Well, now that’s a deep subject. We finally got all our window holes sealed up, thank goodness! It ended up being quite a gooey mess of a (half) failure. Erik is meticulous with detail, and the prep work to make the thru-bolts sit flush on the exterior of the boat involved a bit of dremmeling, widening the thru-bolt hole, matching thru-bolts threads, basically thru-bolts are needy attention seekers! We were very thorough with these details when installing the new old window, and while the silicone was a mess the installation was a success. I began pack up as it was 4:30 and I knew the sun would be setting soon (Darn You WINTER!) when Erik looks at me and asks if I wanted to go ahead and finish the second one, to which I replied nope, but we did it anyway! Because we were rushed we did not give the thru-bolts the attention they needed and basically they refused to cooperate. So we had to do a take 2 on that window (after cleaning the gooey mess) but we finally have the 2 windows and hatch all battened down. Erik was in the boat when it was raining and said nothing leaked! Phew! Now for the other 8 windows…. they currently sit on the bottom of our priority list and we will probably attempt to fix them as needed (what’s leaking the worst) and hopefully while we are actually cruising.
Once he got a good bit of paint off, it was much easier to see the blisters. Osmotic blistering is common on old sailboats, it’s basically when water gets between the gel coat and fiberglass, and creates a void. Blisters are solely cosmetic the majority of the time, but while we have the boat out of the water for so long, Erik is going to try his best to correct these blemishes.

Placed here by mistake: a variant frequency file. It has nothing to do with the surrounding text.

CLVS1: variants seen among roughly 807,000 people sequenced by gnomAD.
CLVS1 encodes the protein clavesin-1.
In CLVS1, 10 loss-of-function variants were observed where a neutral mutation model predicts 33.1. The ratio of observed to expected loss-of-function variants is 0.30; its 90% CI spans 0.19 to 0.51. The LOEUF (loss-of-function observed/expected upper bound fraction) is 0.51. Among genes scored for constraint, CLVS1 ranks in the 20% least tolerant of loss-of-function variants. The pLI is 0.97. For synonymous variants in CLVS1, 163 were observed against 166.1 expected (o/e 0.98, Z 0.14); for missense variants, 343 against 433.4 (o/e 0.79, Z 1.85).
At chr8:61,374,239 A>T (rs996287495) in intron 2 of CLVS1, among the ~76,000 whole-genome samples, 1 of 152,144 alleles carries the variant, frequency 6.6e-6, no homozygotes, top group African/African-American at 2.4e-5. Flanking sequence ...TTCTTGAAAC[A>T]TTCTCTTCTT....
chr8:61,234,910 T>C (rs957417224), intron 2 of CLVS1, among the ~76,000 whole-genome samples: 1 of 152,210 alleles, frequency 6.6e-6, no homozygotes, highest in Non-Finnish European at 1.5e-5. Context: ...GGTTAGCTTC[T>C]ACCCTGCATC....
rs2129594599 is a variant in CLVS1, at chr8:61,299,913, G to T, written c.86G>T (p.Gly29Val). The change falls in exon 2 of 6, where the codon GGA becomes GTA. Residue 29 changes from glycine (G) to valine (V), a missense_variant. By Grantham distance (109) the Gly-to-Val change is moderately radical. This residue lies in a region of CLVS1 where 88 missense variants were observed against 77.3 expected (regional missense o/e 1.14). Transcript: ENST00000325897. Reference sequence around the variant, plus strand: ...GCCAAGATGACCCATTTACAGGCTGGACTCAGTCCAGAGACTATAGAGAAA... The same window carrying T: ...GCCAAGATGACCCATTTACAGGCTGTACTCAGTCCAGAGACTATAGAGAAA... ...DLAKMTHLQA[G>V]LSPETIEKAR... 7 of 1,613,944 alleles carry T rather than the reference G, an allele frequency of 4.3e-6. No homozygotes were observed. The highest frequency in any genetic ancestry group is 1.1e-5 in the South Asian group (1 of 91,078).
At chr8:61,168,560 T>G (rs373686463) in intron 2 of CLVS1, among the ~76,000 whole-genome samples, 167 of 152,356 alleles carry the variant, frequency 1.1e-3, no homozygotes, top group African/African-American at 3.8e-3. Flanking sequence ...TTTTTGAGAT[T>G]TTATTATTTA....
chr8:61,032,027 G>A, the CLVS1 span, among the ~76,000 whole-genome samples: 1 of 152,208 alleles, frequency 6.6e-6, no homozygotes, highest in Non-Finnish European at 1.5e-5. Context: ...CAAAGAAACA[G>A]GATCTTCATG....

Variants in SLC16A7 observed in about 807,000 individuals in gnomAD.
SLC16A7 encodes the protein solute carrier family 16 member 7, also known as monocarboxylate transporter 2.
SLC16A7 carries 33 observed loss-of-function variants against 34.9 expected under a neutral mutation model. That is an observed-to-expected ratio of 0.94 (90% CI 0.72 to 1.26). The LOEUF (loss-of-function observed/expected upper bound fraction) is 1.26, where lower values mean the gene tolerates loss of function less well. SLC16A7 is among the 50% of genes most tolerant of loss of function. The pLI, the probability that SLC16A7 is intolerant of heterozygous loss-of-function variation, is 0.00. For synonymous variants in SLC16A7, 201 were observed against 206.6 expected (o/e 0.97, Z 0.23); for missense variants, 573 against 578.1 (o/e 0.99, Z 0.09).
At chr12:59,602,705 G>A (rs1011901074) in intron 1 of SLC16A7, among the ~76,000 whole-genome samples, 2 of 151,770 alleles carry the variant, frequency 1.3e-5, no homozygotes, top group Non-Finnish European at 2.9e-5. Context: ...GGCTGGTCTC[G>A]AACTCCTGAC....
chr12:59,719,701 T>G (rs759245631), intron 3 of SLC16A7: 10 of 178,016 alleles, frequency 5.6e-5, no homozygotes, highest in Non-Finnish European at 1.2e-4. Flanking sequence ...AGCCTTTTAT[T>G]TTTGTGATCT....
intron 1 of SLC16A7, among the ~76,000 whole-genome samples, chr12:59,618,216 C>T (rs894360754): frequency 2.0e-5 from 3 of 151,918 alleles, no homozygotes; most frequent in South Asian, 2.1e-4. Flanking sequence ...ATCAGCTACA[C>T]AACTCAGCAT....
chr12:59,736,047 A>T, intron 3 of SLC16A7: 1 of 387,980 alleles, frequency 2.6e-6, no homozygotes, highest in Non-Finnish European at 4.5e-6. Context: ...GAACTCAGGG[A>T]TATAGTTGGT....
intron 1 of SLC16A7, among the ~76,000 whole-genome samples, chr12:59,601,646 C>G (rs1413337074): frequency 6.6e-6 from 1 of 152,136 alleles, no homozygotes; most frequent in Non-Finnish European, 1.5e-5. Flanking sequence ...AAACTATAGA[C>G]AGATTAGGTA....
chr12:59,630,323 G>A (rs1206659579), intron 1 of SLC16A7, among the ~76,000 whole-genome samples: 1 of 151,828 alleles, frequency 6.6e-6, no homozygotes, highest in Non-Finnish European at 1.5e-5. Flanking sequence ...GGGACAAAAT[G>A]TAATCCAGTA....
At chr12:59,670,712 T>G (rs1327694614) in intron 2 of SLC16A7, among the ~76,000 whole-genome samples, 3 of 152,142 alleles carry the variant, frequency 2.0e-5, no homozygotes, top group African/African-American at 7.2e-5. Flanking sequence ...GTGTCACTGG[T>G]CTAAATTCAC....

I have just returned from a Thanksgiving mini-vacay from Clarksville. I got to hang out with Dad and relax and enjoy good food, and while I invited Erik he chose to stay in town and capitalize on his “days off” to work on the boat. He has spent hours upon hours dremiling and sanding and it’s great to see so much progress. Erik says he is “rushing now so he won’t have to rush later” but something tells me if it’s not one thing, it’ll be another. Alas.
We are still researching the best approach at how to fill the blisters, and what bottom paint to use, if we need a barrier coat, etc. It appears that there is some type of filler used on the keel. On the picture above you can see the difference in color and our best guess is that the gel coat was stripped off the keel and then an epoxy filler was used? Something like that? Yea I’ll check back with Erik about those details… but if anyone has any suggestions on what you would do it would be great to hear some feedback!
We also drilled a hole in our keel! We have put two and two together and realize that strange grey sandy material in the bilge is most likely our keel filled with concrete. We also noticed that there was constantly water in our bilge, yet now out of the water it is dry. So basically our keel was saturated with water. By drilling this hole we drained the water preventing any potential damage to the keel once it freezes (if it was full of water, froze, the water could potentially crack the keel). This is pretty common, especially up north where owners keep their boats on the hard. Many have installed “keel drains” to drain their boat every year. Since we probably will keep ol’ girl in the tropics and hopefully never pull her out longer than we will this winter, we will just fill the hole in before she goes back in. To remedy the bilge problem we think the best solution will to be build a “new” floor above the old delaminated one. This will be the best approach because it will give us the best opportunity to make a clean seal (with whatever material we end up using). Add that to the to-do list!
While Erik’s been busy prepping the bottom, I have started oiling the interior wood. I finished the port settee area today, and I think it looks great! I am using an orange oil/beeswax product.
I’ve also acquainted myself with my sewing machine! I made these matching pillowcases for us (so proud, since Erik has a larger than normal pillow, we’ve never had the same cases but I special made him one). And yea I still have some work to do. The only tools I had to make these were scissors and a skinny measuring tape, so even though my line was technically straight, it kind of diagonaled. I ended up having to meticulous re-cut straighterish lines so I ordered a cutting mat, clear thick ruler stick, and a rotary cutter to better prep as I think that will be the key to getting these cushions hammered out.
So yea, I think we are ready for ya December!